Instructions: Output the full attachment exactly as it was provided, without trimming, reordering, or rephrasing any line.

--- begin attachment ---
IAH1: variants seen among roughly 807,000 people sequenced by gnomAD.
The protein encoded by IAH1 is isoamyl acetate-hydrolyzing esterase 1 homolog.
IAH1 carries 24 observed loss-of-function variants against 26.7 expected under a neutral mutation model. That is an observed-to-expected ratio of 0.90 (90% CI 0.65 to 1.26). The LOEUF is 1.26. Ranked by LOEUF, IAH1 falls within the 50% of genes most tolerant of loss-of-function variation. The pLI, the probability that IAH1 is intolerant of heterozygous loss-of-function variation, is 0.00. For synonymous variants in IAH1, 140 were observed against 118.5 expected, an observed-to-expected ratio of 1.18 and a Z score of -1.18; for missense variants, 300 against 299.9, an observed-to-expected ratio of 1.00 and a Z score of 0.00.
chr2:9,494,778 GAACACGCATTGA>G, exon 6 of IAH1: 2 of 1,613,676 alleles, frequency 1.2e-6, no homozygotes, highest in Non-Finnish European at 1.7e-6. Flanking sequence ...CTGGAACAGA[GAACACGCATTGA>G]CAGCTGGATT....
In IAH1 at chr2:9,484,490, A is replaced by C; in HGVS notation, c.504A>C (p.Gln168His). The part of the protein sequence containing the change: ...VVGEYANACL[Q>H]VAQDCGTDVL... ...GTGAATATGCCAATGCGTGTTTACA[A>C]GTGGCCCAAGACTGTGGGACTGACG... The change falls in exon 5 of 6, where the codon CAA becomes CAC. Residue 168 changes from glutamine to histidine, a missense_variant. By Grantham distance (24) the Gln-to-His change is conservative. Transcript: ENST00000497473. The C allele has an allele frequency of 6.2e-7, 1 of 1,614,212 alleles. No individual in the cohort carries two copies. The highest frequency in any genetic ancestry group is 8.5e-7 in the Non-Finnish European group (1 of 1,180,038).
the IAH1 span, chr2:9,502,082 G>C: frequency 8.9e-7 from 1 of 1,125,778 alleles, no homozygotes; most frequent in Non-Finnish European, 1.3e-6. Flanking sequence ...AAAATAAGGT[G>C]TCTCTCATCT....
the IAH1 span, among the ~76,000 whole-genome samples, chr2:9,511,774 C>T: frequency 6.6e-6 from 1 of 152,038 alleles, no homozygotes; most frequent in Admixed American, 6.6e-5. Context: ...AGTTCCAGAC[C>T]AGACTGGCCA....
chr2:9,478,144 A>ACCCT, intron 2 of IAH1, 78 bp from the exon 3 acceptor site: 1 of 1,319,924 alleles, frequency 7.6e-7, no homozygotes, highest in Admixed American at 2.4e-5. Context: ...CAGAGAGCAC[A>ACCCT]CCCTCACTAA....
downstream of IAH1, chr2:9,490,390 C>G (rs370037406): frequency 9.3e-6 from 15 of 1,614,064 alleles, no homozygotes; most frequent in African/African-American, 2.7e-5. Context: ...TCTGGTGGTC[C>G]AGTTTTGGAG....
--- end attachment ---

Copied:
IAH1: variants seen among roughly 807,000 people sequenced by gnomAD.
The protein encoded by IAH1 is isoamyl acetate-hydrolyzing esterase 1 homolog.
IAH1 carries 24 observed loss-of-function variants against 26.7 expected under a neutral mutation model. That is an observed-to-expected ratio of 0.90 (90% CI 0.65 to 1.26). The LOEUF is 1.26. Ranked by LOEUF, IAH1 falls within the 50% of genes most tolerant of loss-of-function variation. The pLI, the probability that IAH1 is intolerant of heterozygous loss-of-function variation, is 0.00. For synonymous variants in IAH1, 140 were observed against 118.5 expected, an observed-to-expected ratio of 1.18 and a Z score of -1.18; for missense variants, 300 against 299.9, an observed-to-expected ratio of 1.00 and a Z score of 0.00.
chr2:9,494,778 GAACACGCATTGA>G, exon 6 of IAH1: 2 of 1,613,676 alleles, frequency 1.2e-6, no homozygotes, highest in Non-Finnish European at 1.7e-6. Flanking sequence ...CTGGAACAGA[GAACACGCATTGA>G]CAGCTGGATT....
In IAH1 at chr2:9,484,490, A is replaced by C; in HGVS notation, c.504A>C (p.Gln168His). The part of the protein sequence containing the change: ...VVGEYANACL[Q>H]VAQDCGTDVL... ...GTGAATATGCCAATGCGTGTTTACA[A>C]GTGGCCCAAGACTGTGGGACTGACG... The change falls in exon 5 of 6, where the codon CAA becomes CAC. Residue 168 changes from glutamine to histidine, a missense_variant. By Grantham distance (24) the Gln-to-His change is conservative. Transcript: ENST00000497473. The C allele has an allele frequency of 6.2e-7, 1 of 1,614,212 alleles. No individual in the cohort carries two copies. The highest frequency in any genetic ancestry group is 8.5e-7 in the Non-Finnish European group (1 of 1,180,038).
the IAH1 span, chr2:9,502,082 G>C: frequency 8.9e-7 from 1 of 1,125,778 alleles, no homozygotes; most frequent in Non-Finnish European, 1.3e-6. Flanking sequence ...AAAATAAGGT[G>C]TCTCTCATCT....
the IAH1 span, among the ~76,000 whole-genome samples, chr2:9,511,774 C>T: frequency 6.6e-6 from 1 of 152,038 alleles, no homozygotes; most frequent in Admixed American, 6.6e-5. Context: ...AGTTCCAGAC[C>T]AGACTGGCCA....
chr2:9,478,144 A>ACCCT, intron 2 of IAH1, 78 bp from the exon 3 acceptor site: 1 of 1,319,924 alleles, frequency 7.6e-7, no homozygotes, highest in Admixed American at 2.4e-5. Context: ...CAGAGAGCAC[A>ACCCT]CCCTCACTAA....
downstream of IAH1, chr2:9,490,390 C>G (rs370037406): frequency 9.3e-6 from 15 of 1,614,064 alleles, no homozygotes; most frequent in African/African-American, 2.7e-5. Context: ...TCTGGTGGTC[C>G]AGTTTTGGAG....